This is why:
1. Not enough exercise and too much food
If the body is not moving, it is not cleaning as efficiently and using the food’s energy. Animals must work for their food, this is how nature is designed. They move, they hunt then they eat and rest. When we constantly feed the body via our love – we over feed a system that is usually not moving enough and this leaves to an overfed body sitting, fermenting. Hence, the gunk on the teeth. A clean body does not leave residue anywhere.
2. All pet Industry food and treats STICK
Fresh food eaters rarely have anything on their teeth. All pet industry no matter what you are told, yes, definitely the dry food – as this is all marketing to get you to buy yet another product – sticks to the teeth. It is sugar and horrendous for the body. It coats the teeth and it is coating all the internal organs too. From the pet food industry perspective, this is fabulous as they then can then offer another line of products under “teeth cleaning”. These toxic chews are available for you to spend your hard-earned money on. I just saw a box of “dental chews’ being paid for and the price was 65.00!!! None of which will do the job just hurt your animal as they are filled with “fillers and junk”.
3. Lack of Vitamin C
If you do have an animal that is fed well, exercised well, is not exposed to industry, yet a problem with debris on the teeth a.k.a gingivitis exists, then this could be a sign the body is lacking in Vitamin C. Another symptom the body might also be presenting may be constipation. If both of these are symptoms are present, then try adding Vitamin C to your animals’ diet and see if this clears up. A little at a time as too much will cause diarrhea. Your goal will be to see what their level of need is. Loose stool tells you to back off to a smaller dose. Sourcing from the resources mentioned under supplements is the best idea so you know the product is not full of filler and is quality. If the body is presenting other symptoms beyond these two, then the animal definitely needs Zoopharmacognosey support and / or homeopathic support.
How to Keep Your Animal’s Mouth Clean
People are big on brushing their animal’s teeth. You do what works for you and what works for your animal. We use large RAW buffalo knuckles weekly to clean our canine’s teeth and chicken bones to clean our cat’s teeth. Raw bones supply the following nutrients: marrow, antioxidants, fiber, essential fatty acids, vitamins, amino acids, protein, enzymes and minerals.
Cooked bones cause internal damage – never feed cooked bones to any animal. Raw lamb shanks are another fabulous alternative. When you give a bone, always be around to supervise, allow the animal to chew for 1-2 hours then take away.
To clean up really bad teeth, foregoing anesthesia and a high vet bill, LEBA III http://www.lebalab.com works well with a change in diet. I do not advise giving long term though, use the product to get the job done then switch to bones. Please find below a testimonial about teeth and the power of a bone:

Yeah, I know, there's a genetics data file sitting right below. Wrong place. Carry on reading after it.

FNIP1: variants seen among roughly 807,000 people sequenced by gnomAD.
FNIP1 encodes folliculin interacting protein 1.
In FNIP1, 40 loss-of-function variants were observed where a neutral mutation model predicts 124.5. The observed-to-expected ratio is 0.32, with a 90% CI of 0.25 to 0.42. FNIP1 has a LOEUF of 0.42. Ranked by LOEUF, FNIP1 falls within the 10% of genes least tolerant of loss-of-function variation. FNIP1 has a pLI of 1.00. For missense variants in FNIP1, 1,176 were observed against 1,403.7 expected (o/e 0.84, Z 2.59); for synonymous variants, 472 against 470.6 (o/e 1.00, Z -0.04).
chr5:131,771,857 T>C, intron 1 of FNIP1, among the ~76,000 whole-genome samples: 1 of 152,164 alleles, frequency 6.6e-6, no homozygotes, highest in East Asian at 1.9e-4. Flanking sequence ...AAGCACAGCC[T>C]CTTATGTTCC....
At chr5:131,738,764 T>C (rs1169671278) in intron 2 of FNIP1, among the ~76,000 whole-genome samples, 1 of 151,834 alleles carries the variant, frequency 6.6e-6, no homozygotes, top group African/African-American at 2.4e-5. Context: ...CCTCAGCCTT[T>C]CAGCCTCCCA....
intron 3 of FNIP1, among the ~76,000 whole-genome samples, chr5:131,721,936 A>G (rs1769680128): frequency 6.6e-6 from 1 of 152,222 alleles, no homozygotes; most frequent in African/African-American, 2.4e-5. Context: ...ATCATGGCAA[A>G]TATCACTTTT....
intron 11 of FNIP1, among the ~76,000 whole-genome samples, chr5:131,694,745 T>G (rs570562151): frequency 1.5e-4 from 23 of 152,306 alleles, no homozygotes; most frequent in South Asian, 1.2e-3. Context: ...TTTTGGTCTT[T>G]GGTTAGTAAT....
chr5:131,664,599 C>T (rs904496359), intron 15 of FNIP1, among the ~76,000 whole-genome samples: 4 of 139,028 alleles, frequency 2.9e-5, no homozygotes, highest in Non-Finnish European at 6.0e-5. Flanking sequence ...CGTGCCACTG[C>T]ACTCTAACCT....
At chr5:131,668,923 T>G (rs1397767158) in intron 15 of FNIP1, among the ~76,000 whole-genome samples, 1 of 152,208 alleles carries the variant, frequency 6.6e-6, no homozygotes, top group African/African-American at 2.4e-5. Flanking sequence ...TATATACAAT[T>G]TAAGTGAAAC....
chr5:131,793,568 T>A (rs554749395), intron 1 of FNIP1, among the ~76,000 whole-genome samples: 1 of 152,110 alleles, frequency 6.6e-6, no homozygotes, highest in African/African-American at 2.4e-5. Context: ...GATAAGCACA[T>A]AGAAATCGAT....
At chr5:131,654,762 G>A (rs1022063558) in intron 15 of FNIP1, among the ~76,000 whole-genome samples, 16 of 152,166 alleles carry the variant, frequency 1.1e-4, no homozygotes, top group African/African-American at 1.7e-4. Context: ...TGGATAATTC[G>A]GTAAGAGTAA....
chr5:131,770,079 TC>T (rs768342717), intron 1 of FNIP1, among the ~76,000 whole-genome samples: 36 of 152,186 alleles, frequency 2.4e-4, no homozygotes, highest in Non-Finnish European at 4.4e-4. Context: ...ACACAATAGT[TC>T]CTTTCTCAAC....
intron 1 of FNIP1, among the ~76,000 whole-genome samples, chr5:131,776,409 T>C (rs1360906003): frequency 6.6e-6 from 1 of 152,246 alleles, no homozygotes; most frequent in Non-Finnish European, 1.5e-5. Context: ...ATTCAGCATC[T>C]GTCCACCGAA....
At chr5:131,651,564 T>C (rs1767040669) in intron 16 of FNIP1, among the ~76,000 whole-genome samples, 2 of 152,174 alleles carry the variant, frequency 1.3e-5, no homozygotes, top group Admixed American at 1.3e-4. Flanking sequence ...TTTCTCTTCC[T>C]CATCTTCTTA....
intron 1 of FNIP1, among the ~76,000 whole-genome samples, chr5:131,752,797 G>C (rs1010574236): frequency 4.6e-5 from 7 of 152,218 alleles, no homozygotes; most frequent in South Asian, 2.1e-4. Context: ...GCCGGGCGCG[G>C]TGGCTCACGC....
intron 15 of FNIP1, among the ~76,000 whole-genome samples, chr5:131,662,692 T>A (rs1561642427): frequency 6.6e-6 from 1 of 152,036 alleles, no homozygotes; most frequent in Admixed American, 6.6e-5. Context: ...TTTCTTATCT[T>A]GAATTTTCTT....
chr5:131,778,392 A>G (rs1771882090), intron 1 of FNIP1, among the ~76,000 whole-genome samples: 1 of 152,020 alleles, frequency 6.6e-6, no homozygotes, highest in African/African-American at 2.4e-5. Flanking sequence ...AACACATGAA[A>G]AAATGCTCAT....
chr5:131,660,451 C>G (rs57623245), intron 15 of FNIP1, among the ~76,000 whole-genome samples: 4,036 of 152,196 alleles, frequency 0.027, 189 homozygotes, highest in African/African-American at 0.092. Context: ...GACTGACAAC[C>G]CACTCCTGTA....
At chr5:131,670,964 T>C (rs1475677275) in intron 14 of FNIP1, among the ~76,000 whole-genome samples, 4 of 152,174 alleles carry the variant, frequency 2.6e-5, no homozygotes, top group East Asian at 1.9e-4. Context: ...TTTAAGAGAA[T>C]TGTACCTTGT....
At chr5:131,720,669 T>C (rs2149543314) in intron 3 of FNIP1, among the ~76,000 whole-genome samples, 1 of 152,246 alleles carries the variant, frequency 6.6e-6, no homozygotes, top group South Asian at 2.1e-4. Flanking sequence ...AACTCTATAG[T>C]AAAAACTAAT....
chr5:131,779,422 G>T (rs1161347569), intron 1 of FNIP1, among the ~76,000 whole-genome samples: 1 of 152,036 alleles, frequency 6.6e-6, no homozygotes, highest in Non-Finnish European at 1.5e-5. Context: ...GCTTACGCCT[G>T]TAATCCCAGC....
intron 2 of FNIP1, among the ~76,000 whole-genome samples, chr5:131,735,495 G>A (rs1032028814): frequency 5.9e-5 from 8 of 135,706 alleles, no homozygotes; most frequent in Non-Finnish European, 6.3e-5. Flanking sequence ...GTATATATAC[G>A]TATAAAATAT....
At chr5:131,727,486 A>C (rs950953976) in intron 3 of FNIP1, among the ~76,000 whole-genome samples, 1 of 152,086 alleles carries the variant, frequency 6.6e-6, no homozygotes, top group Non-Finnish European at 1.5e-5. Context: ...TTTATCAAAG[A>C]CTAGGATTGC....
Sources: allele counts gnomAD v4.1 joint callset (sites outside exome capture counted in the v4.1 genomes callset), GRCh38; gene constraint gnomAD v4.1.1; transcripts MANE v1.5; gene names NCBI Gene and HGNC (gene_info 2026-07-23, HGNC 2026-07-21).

Real-life Experience: the power of a bone from a Pet Parent’s perspective:
I had my 5-year-old dog at the vet who said that for approximately $500.00 I had to take my dog in to the hospital at which time she would be given anesthetics and her teeth will be cleaned. I looked into different options and consulted Nicola adapting my dog’s food then gave her a raw bone. ONE raw BONE was all it took and my dog’s teeth were pearl-white again. Thanks to Nicola I saved my dog from drugs she didn’t need and saved my purse $500.00. Unbelievable – thank you Nicola!
G.R., Toronto, Ontario, Canada
This is another “service creation” which the vet community is cashing in on. The LARGER ISSUE is the ANESTHESIA and the trauma of the experience to your animal. Animals should only be exposed to anesthesia in do or die situations NEVER annually much less more. Again, no one asks what type of anesthesia is being used, how much is being given and the side effects which are really the other effects of the drug. Many animals come out with seizures and a whole host of issues from going under. Teeth cleaning under anesthesia should be a one-off extraordinary procedure when an animal is in really dire straits. It should not be a regular practise. But I see mails sent out monthly with teeth cleaning specials by veterinarians. This is not practising “do no harm”. This is pure revenue generation.
A safer method is gas. Apparently, this does not have ill effects on the body. Again, please do your homework before agreeing to do any procedure on your animal. Take the time. Please do not feel pressured into anything.
The Natural Healthy Dog by Sandra Bailey